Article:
The scope to drive down energy tariffs may be more limited than much of the public debate implies
The casual reader of UK newspapers would be forgiven for thinking that the energy prices that they are being charged are way above the level they should be, with a real prospect of prices coming down as more pressure is put on misbehaving energy suppliers. The reality is somewhat different.
Last year, the industry regulator Ofgem estimated the average margin on energy supply of the Big-6 energy suppliers to be only 4.48%. At this level, it would not be possible for a competing energy supplier to offer materially lower average tariffs purely by reducing the profit margin. They would also have to achieve and maintain a lower cost base. Whether or not an average tariff level lower than those offered by the Big-6 would be sustainable across the market is then a more difficult question. Comparisons between Big-6 tariffs and other supplier offers suggest it is, but some of those companies don’t face all of the costs that the Big-6 do and they are assisted by market support requirements placed on the Big-6. Some suppliers may also be making unsustainably low initial offers to build their customer base or are themselves counting on sticky customers to make future profits.
The challenging retail energy environment at current price levels can be judged by the proposed merger between the retail operations of SSE and Npower, two of the Big-6 seeking cost savings, and by the combined £16m loss last year of two council owned energy suppliers, Bristol Energy and Robin Hood Energy.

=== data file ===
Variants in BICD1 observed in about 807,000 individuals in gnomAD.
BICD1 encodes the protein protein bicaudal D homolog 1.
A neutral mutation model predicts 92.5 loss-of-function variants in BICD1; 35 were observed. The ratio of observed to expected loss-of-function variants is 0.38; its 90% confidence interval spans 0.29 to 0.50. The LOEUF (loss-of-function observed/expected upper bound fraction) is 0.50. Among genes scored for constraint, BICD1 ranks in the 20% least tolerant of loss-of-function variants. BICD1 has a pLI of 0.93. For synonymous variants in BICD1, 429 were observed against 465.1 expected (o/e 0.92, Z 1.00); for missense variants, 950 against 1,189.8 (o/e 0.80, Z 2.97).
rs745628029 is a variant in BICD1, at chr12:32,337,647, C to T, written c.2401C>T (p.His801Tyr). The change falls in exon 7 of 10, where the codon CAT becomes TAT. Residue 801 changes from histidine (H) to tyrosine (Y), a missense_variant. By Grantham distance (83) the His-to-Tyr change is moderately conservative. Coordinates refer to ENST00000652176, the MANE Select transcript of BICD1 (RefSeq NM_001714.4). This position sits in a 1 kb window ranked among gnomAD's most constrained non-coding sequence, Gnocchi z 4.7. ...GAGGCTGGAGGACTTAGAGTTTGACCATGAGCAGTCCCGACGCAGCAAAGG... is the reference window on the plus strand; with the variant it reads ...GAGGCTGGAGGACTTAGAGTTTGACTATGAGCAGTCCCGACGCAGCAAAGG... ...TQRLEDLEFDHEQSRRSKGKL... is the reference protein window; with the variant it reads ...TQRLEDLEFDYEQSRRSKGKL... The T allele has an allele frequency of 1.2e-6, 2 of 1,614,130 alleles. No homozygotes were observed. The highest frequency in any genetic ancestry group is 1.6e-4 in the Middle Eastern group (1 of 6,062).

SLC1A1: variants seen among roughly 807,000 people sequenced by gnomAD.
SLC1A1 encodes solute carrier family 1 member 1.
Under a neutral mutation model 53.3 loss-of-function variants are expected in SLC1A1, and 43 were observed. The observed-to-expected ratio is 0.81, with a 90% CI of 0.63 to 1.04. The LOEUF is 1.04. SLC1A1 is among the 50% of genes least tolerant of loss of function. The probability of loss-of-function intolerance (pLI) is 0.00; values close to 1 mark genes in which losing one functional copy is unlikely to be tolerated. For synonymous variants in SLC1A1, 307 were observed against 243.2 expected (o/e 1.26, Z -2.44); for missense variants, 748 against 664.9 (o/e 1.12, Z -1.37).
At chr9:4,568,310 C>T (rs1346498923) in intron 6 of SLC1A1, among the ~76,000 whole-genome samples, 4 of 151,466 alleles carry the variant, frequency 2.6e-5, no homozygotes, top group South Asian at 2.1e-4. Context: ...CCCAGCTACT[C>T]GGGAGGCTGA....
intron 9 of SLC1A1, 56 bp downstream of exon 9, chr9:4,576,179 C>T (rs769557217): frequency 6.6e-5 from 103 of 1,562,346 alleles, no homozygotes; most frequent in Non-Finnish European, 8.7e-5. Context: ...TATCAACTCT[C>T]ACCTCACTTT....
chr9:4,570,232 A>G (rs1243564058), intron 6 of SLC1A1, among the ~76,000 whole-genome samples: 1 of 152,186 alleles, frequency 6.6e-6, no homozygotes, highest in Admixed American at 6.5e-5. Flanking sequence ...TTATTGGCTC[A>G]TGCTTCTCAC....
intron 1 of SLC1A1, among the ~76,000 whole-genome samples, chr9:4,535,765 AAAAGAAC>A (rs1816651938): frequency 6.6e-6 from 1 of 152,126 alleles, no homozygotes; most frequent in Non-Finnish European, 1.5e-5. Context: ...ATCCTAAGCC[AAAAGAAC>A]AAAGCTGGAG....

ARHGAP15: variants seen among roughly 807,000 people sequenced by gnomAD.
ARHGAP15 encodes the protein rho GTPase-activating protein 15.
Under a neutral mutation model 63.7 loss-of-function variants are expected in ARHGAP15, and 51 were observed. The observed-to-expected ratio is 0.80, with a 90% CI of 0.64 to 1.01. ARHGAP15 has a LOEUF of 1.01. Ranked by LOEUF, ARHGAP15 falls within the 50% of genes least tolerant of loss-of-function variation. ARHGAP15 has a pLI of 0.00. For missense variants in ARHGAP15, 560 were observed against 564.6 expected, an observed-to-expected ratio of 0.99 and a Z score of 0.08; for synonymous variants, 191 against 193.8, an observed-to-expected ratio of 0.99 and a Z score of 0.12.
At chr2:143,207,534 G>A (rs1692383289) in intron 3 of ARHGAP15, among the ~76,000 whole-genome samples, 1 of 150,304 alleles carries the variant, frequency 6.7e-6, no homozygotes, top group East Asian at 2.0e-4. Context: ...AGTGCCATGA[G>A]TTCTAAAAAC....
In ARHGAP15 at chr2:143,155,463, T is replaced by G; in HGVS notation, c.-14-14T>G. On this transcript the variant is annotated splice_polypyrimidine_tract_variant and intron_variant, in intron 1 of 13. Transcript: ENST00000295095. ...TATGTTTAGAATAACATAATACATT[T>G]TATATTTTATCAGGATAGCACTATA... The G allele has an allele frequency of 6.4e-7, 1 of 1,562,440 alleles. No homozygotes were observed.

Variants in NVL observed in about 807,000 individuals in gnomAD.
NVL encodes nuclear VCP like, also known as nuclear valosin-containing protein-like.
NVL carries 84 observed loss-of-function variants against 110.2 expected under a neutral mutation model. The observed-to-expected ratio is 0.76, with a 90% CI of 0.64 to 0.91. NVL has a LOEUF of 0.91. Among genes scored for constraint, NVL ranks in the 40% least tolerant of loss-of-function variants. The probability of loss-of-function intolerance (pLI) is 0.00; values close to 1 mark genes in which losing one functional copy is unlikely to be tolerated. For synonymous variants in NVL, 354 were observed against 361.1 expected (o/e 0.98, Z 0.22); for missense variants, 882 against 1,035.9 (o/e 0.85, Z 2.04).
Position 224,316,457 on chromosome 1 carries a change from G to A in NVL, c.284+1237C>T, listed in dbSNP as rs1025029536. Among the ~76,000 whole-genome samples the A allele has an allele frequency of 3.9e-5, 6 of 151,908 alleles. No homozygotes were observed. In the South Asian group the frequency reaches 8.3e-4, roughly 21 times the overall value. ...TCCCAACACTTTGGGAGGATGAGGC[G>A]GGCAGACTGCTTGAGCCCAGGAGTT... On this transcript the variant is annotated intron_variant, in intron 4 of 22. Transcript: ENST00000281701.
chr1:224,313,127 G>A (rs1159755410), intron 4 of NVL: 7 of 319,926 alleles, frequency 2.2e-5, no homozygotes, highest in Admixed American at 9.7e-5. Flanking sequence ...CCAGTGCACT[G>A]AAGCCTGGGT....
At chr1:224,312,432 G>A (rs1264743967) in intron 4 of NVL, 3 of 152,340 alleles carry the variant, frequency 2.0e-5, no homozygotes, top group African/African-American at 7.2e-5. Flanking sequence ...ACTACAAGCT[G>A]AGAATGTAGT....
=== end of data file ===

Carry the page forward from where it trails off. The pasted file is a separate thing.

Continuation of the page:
So there may be far less room to reduce bills by squeezing energy supplier margins or costs than implied by newspaper headlines and political debate.
Whilst energy costs, particularly for a low carbon energy system, will rise
Unfortunately, the underlying cost of energy is expected to continue to rise. Government projections indicate that long term price levels will be higher than current prices, particularly given the costs of reducing CO2 emissions. While there are currently no costs for CO2 emission reduction in GB gas bills, the long term policy debate is how to replace natural gas for heating and the significant potential costs of this. As yet there is not even a clear favoured option for the approach to take.
The overall implication is that energy bills are not in fact higher than they should be. Incorporating the cost of CO2 emission reduction policies reflecting long term policy aspirations would negate any realistic savings on average retailer costs or margins. Prices would then rise over time as further CO2 emissions reductions become increasingly costly.
So the real policy question is not switching, it’s fuel security
Perhaps the political debate on energy should focus less on creating the impression that energy should be cheaper and more on the long term implications of continued cost increases. In particular, how can policies mitigate a potentially significant rise in the cost of heating homes for the fuel poor? Options do exist: some of the costs of measures aimed at CO2 emission reduction could be moved into general and progressive taxation, alternatively the energy industry could adopt more sophisticated pricing structures to reallocate the burden of CO2 emission reduction.
Neil Cornelius, Managing Director of Berkeley Research Group
The views and opinions expressed in this article are those of the author and do not necessarily reflect the opinions, position, or policy of Berkeley Research Group, LLC or its other employees and affiliates.
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